With more than 600 murals, the streets of San Francisco are a parade of vibrant and radiant
murals that are painted on walls and facades of buildings, fences, garage doors and
plus. The colorful Mission District is the epicenter of San Francisco’s murals with the
highest concentration of murals in San Francisco. discovering
murals in San Francisco’s Mission District is uncovering the hopes and
passions, joys and tribulations of the people.
The San Francisco Mission neighborhood’s love affair with murals stems from the
Mexican roots of the Mission District community. The Latino community began
moving to the Mission neighborhood in the 1950s and 1960s. In the early 1970s,
resident muralists began to follow the traditions of the great muralists of the
1920 and 1930, perhaps the most famous of which was Diego Rivera.
The Precita Eyes Mural Arts and Visitor Center (located at 2981 24th Street) is a
great place to start your exploration of the murals at Mission San Francisco
neighborhood. The Precita Eyes Visitor Center offers three guided tours of the murals in
Saturday and Sunday between $10 and $12 per adult. you can arrange in private
group the wall towers in advance. In addition, the Precita Eyes Visitor Center has a
Mission wall map of almost 90 murals that you can use to explore the
neighborhood on your own.
Mural-themed items such as postcards, candles,
posters and books. Precita Eyes also sells wall art supplies in case you’re
inspired to paint your own personal mural on your living room wall. For more
information, contact Precita Eyes at http://www.precitaeyes.org/ or (415)
Located one block from Precita Eyes between Treat Avenue and Harrison Street, Balmy
Alley has a concentration of more than 30 vivid murals painted on fences, buildings
walls and garage doors. In the densely populated neighborhood of murals, Balmy
Alley is in the center of everything. Muralists began work in San Francisco’s Balmy Alley
as early as 1971. Many of the original murals are still there, as well as many murals
which have been painted in the intervening years.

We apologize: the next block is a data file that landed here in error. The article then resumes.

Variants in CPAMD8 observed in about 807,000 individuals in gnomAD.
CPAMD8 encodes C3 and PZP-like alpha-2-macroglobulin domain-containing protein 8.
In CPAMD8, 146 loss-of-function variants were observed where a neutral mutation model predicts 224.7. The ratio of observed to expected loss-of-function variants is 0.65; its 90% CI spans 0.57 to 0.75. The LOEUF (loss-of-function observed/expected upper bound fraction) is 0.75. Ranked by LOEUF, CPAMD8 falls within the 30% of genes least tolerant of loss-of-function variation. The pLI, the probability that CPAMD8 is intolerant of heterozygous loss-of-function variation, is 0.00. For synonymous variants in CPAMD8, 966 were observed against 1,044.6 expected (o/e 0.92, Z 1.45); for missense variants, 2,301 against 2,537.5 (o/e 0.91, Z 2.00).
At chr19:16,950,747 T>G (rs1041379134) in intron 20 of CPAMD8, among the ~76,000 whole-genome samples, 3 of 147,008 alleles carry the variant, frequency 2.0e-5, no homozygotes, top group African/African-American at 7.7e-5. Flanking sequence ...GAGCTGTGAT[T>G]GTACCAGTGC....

The Balmy Alley murals are very diverse in both style and subject matter.
Some of the murals feature cartoon illustrations that are playful and youthful. other
Murals along Balmy Alley tackle difficult subjects, such as a monument to
people who have died of AIDS or representations of political conflicts and wars in Latin America
America. Another mural honors the great muralist Diego Rivera and his wife, the
Frida Kahlo painter. And another is a tribute to the women muralists of the Mission
District. A colorless mural shows two men and a woman jumping across a
barbed wire fence full of keys. The woman has her hand up, making the
In another part of the Mission District in Harrison on 19th Street, mixed between blocks of
warehouses and running along a wall for almost a block in the San Francisco Mission
In the neighborhood there is a mural entitled “Carnaval”. As its name indicates, the Carnival mural
is a representation of the Carnival celebration, a multicultural dance and music
festival that has its roots in Latin America and the Caribbean. the san francisco
The Mission District has been hosting a Carnival Festival since 1978. Created in 1994 by
Josué Sarantitis, Emmanuel Montoya, Carlos Loarca and others, the radiant
The carnival mural is as dynamic and colorful as the party it represents.
The Women’s Building (located at 3543 18th Street) features two walls of spectacular
mural that pays homage to women. Created by a team of seven female muralists,
the mural “Maestrapeace” portrays women and female archetypes of multiple
world origins. The Goddess of Light and Creativity graces the top of 18th Street
facade with the waters of life flowing under it and transforming into fabric
designs from around the world.
The mural features such notable women as Georgia O’Keefe (an American innovator
artist) and Rigoberta Menchú (Guatemalan of Mayan descent and Nobel Prize-winning
winning activist). The names of many more famous women are inscribed on the
colorful mural patterns. The mural is meant to be inspiring and educational,
illustrating the contributions women have made to human history and society.
The Women’s Building provides resources and services to organizations that support
women and girls from multi-ethnic and multicultural backgrounds. For
informative key of the mural, enter the Women’s Building or contact them at
http://www.womensbuilding.org/ or (415) 431-1180.